|CLINIC: Using Model Railroad Switch List Software|
|DAY: Friday||TIME: 8:00-9:00a||ROOM: Berwyn|
|DESCRIPTION: This clinic presents computer program used to generate freight traffic on their own railroads. Computer generated switchlists use tables of the cars on the layout, their type, and potential delivery locations. The system generates moves of appropriate cars to appropriate destinations, attempting to avoid repetitious activity. I will describe how I use the RailOp program and also address JMRI operations.
|CLINIC: Introduction to Model Railroad Operations|
|DAY: Friday||TIME: 9:30-10:30a||ROOM: Berwyn|
|DESCRIPTION: Model railroad operations simulates the movement of trains on a railroad. Like any simulation, some details are emphasized and other details are suppressed according to the objective of the simulation. There are many choices to be made in establishing the rules and procedures for a model railroad operations simulation. This clinic provides a systematic survey described by Car Forwarding and Traffic Control Systems.
Car Forwarding can be defined as is the purposeful movement of rail cars from one location to another. Prototype car forwarding is determined by customer needs. Model railroads simulate this part of the activity to varying levels. Two methods are popular for arranging model railroad freight: Car Card & Waybill, and Switch List.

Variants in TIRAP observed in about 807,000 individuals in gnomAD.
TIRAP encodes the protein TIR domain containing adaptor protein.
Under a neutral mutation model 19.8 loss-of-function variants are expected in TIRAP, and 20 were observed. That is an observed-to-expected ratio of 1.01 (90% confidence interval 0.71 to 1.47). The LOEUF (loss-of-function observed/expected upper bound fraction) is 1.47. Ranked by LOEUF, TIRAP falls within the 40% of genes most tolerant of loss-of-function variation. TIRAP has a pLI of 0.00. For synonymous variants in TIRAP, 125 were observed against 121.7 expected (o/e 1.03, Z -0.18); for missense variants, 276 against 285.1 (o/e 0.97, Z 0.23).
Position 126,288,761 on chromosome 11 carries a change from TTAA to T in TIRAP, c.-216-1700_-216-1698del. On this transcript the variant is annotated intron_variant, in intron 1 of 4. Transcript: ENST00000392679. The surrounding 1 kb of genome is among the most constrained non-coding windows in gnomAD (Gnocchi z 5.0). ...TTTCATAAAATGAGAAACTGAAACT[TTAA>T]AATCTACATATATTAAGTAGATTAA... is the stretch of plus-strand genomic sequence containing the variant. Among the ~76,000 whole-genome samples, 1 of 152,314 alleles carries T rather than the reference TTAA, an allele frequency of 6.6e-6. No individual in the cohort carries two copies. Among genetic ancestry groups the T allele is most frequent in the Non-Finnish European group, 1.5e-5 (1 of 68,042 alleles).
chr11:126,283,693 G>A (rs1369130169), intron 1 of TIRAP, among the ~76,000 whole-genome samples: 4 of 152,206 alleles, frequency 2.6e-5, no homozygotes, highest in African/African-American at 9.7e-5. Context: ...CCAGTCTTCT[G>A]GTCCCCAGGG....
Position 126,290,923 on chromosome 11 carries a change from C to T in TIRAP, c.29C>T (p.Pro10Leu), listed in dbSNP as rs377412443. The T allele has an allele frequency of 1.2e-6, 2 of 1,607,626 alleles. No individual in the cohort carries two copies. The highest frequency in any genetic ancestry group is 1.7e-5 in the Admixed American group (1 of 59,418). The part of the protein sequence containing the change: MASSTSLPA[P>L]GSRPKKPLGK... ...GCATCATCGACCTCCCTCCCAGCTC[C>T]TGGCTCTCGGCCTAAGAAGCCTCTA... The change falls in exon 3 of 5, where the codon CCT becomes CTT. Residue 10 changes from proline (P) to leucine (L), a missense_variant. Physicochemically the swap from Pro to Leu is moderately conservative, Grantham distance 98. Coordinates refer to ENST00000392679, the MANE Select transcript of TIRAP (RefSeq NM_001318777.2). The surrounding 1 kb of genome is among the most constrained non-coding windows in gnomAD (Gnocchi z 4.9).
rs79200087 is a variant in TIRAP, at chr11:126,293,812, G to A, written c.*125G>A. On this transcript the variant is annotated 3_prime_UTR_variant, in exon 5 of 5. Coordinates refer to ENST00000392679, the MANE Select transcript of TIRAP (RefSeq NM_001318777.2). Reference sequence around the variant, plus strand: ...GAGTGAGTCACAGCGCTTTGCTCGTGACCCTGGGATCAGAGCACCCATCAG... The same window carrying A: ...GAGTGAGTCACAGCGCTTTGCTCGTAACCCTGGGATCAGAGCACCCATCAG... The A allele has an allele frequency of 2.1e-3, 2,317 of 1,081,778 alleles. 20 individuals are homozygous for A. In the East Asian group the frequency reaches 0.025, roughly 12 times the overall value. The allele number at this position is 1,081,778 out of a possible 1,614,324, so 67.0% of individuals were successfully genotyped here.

Prototype Traffic Control is the purposeful movement of trains from one location to another, as determined by customer needs, physical constraints, and the desire for profitability. In the model railroad simulation, we typically schedule or sequence trains. In rough order of increasing complexity, model traffic control includes: Random – run anything, anytime; Sequential – trains running in a specific order; and Timetable & Train Order (TT&TO) – trains run by time (usually using a fast clock) according to rules patterned after the prototype.
|CLINIC: Signals for Operations and Animation|
|DAY: Friday||TIME: 11:00a-12:00p||ROOM: Berwyn|
|DESCRIPTION: Flashing lights, crossing gates, and trackside signals all provide visual interest to a model railroad. They can also inform the operators about track conditions to guide operations. This clinic describes installing and use of occupancy detection using current sensing and optical detectors used to control crossbuck flashers, crossing gates, and trackside signals and repeaters for Automatic Block Signaling (ABS). Products and installation are discussed and available products are surveyed.|
About the Clinician...
Marshall Abrams' first train was an American Flyer set that he operated until his teen years. His first adult layout lasted about 25 years. Operations were guided by car cards from a panel at the edge of the 5' x 13' layout. When the kids grew up and left home, he took over the 20' x 22' game room. Marshall designed the layout using Cadrail and it was built exactly as designed. The layout is about 70% sceniced And operated using RailOp computer program. Marshall is part of a round-robin group, the Anachronistic Region, that has been operating weekly for about 44 years.
Marshall has served the Potomac Division in one position or another since 2003. He is currently Publisher of the Potomac Flyer. His biggest joys in model railroading are all the nice people he has met. Marshall is Founder of the Annual Computer Security Applications Conference, where he holds the position of Treasurer.